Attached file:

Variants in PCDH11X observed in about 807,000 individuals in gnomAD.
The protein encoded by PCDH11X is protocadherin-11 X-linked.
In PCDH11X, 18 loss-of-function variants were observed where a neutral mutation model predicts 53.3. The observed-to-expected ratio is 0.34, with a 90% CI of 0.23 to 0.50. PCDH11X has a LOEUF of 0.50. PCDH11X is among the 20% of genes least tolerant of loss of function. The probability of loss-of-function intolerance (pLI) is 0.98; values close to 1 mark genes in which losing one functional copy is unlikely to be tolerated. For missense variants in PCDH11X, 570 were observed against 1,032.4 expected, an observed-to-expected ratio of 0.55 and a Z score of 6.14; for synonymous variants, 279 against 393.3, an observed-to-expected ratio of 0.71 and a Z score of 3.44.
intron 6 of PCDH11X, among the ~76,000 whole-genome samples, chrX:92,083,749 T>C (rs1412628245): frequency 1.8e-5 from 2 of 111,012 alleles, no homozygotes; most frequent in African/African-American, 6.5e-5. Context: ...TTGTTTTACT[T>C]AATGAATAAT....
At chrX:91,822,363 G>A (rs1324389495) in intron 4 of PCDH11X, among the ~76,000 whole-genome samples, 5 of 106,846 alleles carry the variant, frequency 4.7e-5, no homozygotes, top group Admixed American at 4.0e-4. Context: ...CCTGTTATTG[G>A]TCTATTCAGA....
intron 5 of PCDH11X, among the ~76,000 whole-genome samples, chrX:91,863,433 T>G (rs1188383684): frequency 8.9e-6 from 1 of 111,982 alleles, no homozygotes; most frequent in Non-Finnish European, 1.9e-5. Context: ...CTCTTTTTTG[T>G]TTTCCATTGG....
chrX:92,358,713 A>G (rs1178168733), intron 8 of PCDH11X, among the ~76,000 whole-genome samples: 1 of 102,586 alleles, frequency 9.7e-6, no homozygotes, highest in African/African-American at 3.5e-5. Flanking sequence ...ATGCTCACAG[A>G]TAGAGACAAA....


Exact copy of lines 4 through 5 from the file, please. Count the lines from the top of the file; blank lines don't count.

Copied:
intron 6 of PCDH11X, among the ~76,000 whole-genome samples, chrX:92,083,749 T>C (rs1412628245): frequency 1.8e-5 from 2 of 111,012 alleles, no homozygotes; most frequent in African/African-American, 6.5e-5. Context: ...TTGTTTTACT[T>C]AATGAATAAT....
At chrX:91,822,363 G>A (rs1324389495) in intron 4 of PCDH11X, among the ~76,000 whole-genome samples, 5 of 106,846 alleles carry the variant, frequency 4.7e-5, no homozygotes, top group Admixed American at 4.0e-4. Context: ...CCTGTTATTG[G>A]TCTATTCAGA....